Taken together, the commonly encountered difficulty of analyzing many thousands of de novo assembled contigs in a search for putative viral sequence from Illumina NGS data can be made more manageable by removing the majority of host nucleic acid derived sequences prior to assembly by the application of mapping tool subtraction sequences and host k-mer frequency based filtering to host references, separately in a two step process. The first step consists of subtraction using standard aligning tools (BWA, BT2, CLC mapper etc.) which can be validated using a broad range of viral sequences modified by an emulator to mirror genuine host read data in which they are embedded. Stringencies defined to maximize the subtraction of host whilst minimizing subtraction of viral sequences can then be applied to the novel sequence datasets to provide a reduced set that significantly improves the subsequent assembly of viral contigs whilst ensuring that the assembled contig number is dramatically reduced for subsequent direct analyses if required. Step 2 entails the use of a k-mer frequency filtering system (Kontaminant) in order to remove most of the remaining host reads with the effect that the post-assembly contig number is further reduced whilst likely retaining all representatives of the viral contigs which can be used to extract the larger assembled contigs from step one. The overall dramatically reduced set is small enough to directly use BLASTn and even tBLASTx to a complete NCBInt database due to the contig numbers typically being less than 103 (+/-50%) determined by us using over 50x idiopathic liver sample (total RNA) Illumina sequenced with a read depth average of 160 million placing this ‘high certainty’ viral discovery approach in the hands of the small laboratory with standard desktop equipment.

We compared three de novo assembly algorithms and a single specific metagenomics assembler, demonstrating striking differences between them and highlighting the need to compare and optimise the use of assembly algorithms in the context of viral discovery from human tissue derived NGS datasets. In theory, metagenomic assembly tools should be well suited to low coverage pathogen sequences in the context of tissue derived host sequences and many additional assemblers are worth comparing as has been recently undertaken together with an ensemble strategy [49].


Ethics Statement

Human liver samples were acquired from the Institute of Liver Studies, Kings College Hospital, London, University of London, UK. Samples were obtained with patient written consent. This work forms part of a broader project with ethical approval provided by the UK National Research Ethics Service, Cambridge 3 Research Ethics Committee, Cambridge CB21 5XB (REC reference numbers 09/HO306/52, 09/HO306/60) and Kings College Hospital Research Ethics Committee, London SE5 9RS (REC reference number 04/Q0703/27).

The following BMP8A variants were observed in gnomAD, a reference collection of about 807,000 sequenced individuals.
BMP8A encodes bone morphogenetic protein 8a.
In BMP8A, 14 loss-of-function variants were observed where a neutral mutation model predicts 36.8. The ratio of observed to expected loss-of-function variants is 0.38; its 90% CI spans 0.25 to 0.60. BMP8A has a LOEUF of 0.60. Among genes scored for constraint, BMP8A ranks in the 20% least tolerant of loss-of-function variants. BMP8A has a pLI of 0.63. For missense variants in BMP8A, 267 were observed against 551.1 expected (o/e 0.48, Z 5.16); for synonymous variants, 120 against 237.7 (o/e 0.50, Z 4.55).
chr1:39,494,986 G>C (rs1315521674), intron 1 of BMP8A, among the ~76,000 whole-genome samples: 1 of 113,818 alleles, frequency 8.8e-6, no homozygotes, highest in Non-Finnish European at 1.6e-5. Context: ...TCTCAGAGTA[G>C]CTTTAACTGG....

Tissue samples and derived datasets

Two liver samples naturally infected with HCV and HBV viruses together with an uninfected ‘healthy’ liver sample were used in this study. Total extracted RNA and cytosolic viral particle enriched fractions (for each sample) were prepared using the SISPA protocol and sequenced using the Illumina platform (GAII for the HCV and HBV controls and Hi-Seq 2500 for all other samples).

The five controlled test sets used in this study have been previously reported [11]. They include two HCV infected liver datasets with 0.7x and 9x mean depth of viral genome coverage and two HBV infected liver datasets with 20x and 200x mean depth of viral genome coverage in addition to a uninfected healthy liver dataset. Additionally, two liver samples from explanted livers from the transplant setting (clinically defined as idiopathic and negative for known hepatitis causing viral infections) were also used [Fig 12]. Illumina Datasets are available from with the accession numbers ERX180664, ERX180665, ERX180666, ERX180667, ERX286289.

Illumina sequence read trimming and quality control

Prior to sequence assembly and / or host sequence read removal, we trimmed all Illumina paired read data sets using CLC Bio v5.5 Trimmer (Aarhus, Denmark). SISPA PCR primers used for random priming and amplification [11] were removed (+/- strand search setting). Other settings chosen included: max ambiguity/read = 3, reads discarded if <38nucleotides in length (following all other trim functions). Quality control analysis revealed sequence read level (arithmetic mean) PHRED score averages of over 40 for all sets, with no single read mean PHRED score less than 30.

De novo assembly algorithms

The HCV and HBV sets (0.7x–200x viral coverage) were used in the first instance to ascertain optimal word size values with four assembler algorithms. Velvet 1.1.04 [43], MetaCortex 0.1 [4445], ABySS 1.3.4 [46] and CLC Bio v6.5 (Arhus, Denmark). K-mer size was varied from 21 to 71 in steps of 10 (unless otherwise stated) in order to determine optimum k-mer size for the 76bp reads. Apart from varying k-mer size (word size), default settings were used for all assemblers from our observation that gap / extension costs and bubble size (branch collapse distances) had a marginal effect and were broadly similar at default (data not shown) with 100nt reads.

Part-Simulated viral metagenomics dataset

62 full-length viral chromatids from 35 distinct human viral genomes were collated. The viruses were chosen to reflect a molecular genetic and life-style spread by choosing them from all Baltimore viral classification groups. Names, accession numbers, and viral groups chosen include: